Interestingly enough, the patterns in the Game of Life can be used
to
create a computer. Instead of electricity being turned on and off to
represent the binary values of 0 and 1, data is represented using a
stream of gliders. A bit has the value of 1 if a glider is present, 0
if not.
Thus, all binary data is transmitted by gliders.
The interactions between gliders
allow logic gates to be built as the
basis for all computation. The most simple gate, the NOT gate, consists
of an input stream, an output stream, and a single glider gun. It is built
using the idea that when two gliders collide, they annihilate each other.
In building the gate, a stream of gliders from a glider gun is set to
collide at a 90 degree angle with the input stream. The resulting output
stream continues in the same direction as the gliders from the glider
gun were initially going, at a 90 degree angle to the input stream. The
way it works is that whenever there is a glider present in the input
stream (a one), it collides with the glider from the glider gun. The gliders
destroy each other, sending nothing to the output stream in that position
(a zero). When no glider is present in the input, the glider from the
glider
gun stream is allowed to pass through to the output, appearing as a
one in the output stream.
NOT Gate
Glider Gun



A> *


v
NOT A
Using the same idea as a NOT gate, AND gates can also be built out
of gliders. It is built by intersecting the first input stream, A, with
a glider
gun to create a NOT gate. Then the result from that, NOT A, is
intersected with the second input stream, B. The resulting output stream
of A AND B continues to move along the same line as the second input
stream. The leftover gliders continuing in the same direction as the
initial glider gun are fed into an eater that destroys all gliders coming
its
way to keep extraneous gliders from escaping the gate.
AND Gate
Glider Gun


A> v


B> *>A AND B


v
Eater
While OR gates can be constructed
as well, they are unnecessary
since all other gates can be built as a combination of AND and NOT
gates, sometimes referred to as NAND gates.
One problem with a normal glider
stream is that it is too dense to allow
for two streams to intersect. Luckily, this problem is easily solved by
selectively crashing a second line of gliders into the first, thinning
the
line to a quarter of the gliders it previously had. Other equally thinned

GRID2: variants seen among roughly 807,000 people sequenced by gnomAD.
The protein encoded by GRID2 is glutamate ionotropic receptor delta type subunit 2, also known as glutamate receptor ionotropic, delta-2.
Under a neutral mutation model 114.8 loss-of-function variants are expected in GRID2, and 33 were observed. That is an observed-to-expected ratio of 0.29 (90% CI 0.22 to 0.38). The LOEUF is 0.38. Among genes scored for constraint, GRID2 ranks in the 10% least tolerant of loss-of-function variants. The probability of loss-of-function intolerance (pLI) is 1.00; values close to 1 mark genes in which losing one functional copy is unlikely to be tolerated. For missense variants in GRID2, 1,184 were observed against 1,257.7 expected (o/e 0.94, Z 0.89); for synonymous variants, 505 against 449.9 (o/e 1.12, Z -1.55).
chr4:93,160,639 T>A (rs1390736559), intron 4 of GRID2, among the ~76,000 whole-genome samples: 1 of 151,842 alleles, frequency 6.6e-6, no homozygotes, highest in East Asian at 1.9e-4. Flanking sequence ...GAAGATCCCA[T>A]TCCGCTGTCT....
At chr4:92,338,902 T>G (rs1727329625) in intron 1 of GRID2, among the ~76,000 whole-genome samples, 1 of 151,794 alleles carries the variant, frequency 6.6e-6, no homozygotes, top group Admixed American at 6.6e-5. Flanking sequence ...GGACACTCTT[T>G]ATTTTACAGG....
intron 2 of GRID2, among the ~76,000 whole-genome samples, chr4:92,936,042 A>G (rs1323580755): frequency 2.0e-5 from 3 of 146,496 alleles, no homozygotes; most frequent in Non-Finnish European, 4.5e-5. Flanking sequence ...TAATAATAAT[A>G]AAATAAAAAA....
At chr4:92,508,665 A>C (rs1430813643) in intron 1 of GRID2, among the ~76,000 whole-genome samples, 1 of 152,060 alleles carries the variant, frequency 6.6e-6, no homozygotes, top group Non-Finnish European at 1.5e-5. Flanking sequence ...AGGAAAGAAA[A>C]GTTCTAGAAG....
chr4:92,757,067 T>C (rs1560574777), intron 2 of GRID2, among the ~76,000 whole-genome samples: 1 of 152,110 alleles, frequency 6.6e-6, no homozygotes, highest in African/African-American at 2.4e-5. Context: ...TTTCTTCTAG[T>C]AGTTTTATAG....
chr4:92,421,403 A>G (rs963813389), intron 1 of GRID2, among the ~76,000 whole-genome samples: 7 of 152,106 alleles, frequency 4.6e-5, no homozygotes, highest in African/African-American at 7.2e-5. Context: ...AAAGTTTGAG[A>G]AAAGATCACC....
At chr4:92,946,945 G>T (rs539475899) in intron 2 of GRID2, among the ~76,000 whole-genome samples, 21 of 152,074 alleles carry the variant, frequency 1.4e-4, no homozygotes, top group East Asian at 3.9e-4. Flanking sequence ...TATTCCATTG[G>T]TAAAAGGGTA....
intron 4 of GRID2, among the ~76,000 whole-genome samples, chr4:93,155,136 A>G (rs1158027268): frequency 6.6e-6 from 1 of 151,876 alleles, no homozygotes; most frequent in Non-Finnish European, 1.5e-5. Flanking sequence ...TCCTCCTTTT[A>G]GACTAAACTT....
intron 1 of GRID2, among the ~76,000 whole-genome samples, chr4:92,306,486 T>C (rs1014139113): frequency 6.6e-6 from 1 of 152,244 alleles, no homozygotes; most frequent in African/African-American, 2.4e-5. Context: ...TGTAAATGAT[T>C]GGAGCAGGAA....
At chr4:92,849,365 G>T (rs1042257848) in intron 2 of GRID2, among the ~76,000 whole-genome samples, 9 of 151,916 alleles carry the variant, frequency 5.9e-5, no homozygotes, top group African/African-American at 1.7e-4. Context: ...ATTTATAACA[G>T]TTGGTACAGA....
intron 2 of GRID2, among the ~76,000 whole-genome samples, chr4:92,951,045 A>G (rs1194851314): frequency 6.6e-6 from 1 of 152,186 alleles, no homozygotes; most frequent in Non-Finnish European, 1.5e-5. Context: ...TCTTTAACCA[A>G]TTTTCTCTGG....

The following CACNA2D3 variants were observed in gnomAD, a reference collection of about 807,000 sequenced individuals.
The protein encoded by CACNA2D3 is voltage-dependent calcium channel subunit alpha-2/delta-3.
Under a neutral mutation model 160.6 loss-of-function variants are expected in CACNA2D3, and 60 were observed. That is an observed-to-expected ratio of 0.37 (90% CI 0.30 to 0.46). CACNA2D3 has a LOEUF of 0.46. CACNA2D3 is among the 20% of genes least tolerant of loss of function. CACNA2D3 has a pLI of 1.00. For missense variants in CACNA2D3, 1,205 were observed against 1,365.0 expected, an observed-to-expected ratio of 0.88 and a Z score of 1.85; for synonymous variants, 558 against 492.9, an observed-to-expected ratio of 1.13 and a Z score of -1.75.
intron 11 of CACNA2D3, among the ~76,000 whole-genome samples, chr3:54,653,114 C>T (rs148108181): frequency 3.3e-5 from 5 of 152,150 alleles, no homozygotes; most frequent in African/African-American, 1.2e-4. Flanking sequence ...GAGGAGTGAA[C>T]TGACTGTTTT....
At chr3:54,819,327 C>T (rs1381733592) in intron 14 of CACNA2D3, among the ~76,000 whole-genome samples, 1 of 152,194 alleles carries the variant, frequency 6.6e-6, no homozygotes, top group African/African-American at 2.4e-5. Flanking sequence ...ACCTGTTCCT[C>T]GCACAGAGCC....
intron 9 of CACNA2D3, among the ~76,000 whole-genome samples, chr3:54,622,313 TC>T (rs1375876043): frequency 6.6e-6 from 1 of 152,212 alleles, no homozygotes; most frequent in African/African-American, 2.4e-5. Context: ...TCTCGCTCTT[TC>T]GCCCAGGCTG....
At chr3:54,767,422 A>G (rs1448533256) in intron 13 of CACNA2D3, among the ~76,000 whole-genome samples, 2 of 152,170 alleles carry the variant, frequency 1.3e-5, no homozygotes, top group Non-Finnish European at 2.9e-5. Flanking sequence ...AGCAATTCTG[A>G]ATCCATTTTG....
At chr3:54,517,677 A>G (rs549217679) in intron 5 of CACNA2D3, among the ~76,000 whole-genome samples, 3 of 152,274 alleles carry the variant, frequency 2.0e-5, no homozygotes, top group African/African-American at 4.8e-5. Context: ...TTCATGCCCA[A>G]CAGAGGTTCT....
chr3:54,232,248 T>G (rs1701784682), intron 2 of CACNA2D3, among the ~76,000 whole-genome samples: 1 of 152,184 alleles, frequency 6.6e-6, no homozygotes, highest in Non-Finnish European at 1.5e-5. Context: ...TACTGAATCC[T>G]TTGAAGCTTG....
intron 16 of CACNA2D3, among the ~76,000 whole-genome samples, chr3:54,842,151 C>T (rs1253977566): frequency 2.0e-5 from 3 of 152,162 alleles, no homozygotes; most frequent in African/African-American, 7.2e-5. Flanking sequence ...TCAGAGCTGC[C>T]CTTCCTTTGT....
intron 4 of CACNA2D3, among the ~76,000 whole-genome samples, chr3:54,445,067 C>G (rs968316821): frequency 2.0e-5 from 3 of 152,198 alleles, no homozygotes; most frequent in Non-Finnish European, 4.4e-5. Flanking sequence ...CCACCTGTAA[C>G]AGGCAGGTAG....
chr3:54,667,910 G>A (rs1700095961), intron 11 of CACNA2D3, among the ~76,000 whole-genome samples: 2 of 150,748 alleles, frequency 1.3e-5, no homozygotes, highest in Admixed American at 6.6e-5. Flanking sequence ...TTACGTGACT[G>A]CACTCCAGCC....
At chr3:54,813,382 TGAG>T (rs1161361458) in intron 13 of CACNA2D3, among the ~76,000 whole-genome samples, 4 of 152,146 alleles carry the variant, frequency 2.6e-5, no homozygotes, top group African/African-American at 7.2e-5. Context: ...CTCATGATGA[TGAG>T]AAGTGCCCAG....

streams of gliders can then intersect by setting off their timing by one,
two, or three units.
Now that a complicated series
of computations can be carried out by
combining logic functions and the gliders can pass through each other
without intersecting, the remaining problem is to store the result of
those computations. Internal memory could easily be kept by creating a
continuously circulating stream of gliders. By using pairs of NOT gates
to change the direction of the stream, more data could easily be
inserted. However, for more complicated processes, some variety of
external memory is necessary. This is provided by using a stable
structure called a block. The memory stores information through three
processes: incrementing the position of a block, decrementing the
block's position, and testing if that position has reached zero. Through
a
reaction with a group of 2 gliders, a block can be pulled one unit
diagonally and a group of 3 gliders will push the block one unit
diagonally. In order to test if the block has reached the position zero,
a
test glider can be sent to intersect with it, allowing the storage and
retrieval of numbers based on repetition of incrementing and
decrementing the blocks.
Now all components of the computer
have been created and now must
only be combined. However, like the Turing machine, it soon becomes
too complicated to be feasible to perform anything other than the
simplest calculations on a Game of Life computer. However, it is
interesting to note that it is in fact possible, if not advisable. The
Game
of Life shares another interesting parallel with a Turing machine, it's
a
universal machine. Any problem that can be represented as a series of
logical expressions can theoretically be solved on a Game of Life
computer. However, it faces the same problem that keeps the Turing
from computing everything: no one can tell if an arbitrary pattern built
to
solve a mathematical problem will ever reach a final state.